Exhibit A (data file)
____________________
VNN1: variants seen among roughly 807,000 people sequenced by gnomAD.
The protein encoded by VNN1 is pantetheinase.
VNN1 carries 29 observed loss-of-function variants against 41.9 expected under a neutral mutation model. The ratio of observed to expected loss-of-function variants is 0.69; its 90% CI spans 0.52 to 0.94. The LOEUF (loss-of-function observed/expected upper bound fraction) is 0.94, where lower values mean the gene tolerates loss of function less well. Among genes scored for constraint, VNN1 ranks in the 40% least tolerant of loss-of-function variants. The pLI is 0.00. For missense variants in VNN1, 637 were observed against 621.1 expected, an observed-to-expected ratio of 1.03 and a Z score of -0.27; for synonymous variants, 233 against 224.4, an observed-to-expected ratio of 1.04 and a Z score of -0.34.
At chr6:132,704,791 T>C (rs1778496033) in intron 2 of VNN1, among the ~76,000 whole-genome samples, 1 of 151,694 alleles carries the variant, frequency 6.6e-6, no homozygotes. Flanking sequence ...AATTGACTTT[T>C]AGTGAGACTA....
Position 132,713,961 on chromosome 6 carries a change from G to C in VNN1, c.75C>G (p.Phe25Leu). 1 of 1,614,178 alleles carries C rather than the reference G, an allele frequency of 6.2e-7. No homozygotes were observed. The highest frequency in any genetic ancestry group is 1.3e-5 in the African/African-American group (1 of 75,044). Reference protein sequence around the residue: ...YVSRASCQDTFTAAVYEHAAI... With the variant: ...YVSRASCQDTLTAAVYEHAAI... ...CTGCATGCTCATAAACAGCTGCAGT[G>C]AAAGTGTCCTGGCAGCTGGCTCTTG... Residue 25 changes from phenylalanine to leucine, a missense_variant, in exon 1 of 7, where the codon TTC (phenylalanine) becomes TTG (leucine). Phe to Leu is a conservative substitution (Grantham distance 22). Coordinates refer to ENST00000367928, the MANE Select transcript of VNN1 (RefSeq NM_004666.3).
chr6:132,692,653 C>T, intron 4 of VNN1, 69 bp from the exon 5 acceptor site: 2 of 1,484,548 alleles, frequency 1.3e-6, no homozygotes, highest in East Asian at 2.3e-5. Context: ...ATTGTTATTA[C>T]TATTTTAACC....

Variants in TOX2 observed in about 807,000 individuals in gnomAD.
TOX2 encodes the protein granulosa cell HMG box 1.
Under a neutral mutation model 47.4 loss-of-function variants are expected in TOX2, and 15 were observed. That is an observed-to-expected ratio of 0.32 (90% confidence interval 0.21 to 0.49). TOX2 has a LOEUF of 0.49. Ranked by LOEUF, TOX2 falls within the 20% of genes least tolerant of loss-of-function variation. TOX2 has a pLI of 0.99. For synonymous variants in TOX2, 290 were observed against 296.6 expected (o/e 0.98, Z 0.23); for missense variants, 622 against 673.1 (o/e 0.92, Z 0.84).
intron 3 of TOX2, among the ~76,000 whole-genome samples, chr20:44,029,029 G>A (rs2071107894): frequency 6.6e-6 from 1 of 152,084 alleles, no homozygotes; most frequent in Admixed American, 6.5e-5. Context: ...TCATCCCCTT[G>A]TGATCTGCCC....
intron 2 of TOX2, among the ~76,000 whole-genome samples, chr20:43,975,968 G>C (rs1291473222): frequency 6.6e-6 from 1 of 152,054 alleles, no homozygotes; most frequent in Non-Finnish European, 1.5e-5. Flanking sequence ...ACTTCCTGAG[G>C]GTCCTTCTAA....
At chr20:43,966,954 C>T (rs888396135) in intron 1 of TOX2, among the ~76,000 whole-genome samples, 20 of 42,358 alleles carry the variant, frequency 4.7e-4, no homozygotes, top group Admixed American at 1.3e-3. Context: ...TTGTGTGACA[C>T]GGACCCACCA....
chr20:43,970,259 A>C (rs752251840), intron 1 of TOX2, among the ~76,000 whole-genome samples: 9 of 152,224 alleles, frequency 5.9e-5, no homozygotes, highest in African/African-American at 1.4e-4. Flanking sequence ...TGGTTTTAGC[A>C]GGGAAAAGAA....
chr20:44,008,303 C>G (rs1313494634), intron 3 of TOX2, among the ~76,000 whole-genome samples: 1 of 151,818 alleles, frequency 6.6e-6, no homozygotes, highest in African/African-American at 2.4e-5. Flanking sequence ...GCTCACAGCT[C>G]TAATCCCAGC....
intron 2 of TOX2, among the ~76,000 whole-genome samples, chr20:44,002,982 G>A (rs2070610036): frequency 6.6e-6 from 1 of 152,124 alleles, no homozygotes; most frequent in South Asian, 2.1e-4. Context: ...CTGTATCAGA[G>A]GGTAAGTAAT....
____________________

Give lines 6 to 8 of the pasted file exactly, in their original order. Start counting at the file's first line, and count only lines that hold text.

chr6:132,692,653 C>T, intron 4 of VNN1, 69 bp from the exon 5 acceptor site: 2 of 1,484,548 alleles, frequency 1.3e-6, no homozygotes, highest in East Asian at 2.3e-5. Context: ...ATTGTTATTA[C>T]TATTTTAACC....

Variants in TOX2 observed in about 807,000 individuals in gnomAD.
TOX2 encodes the protein granulosa cell HMG box 1.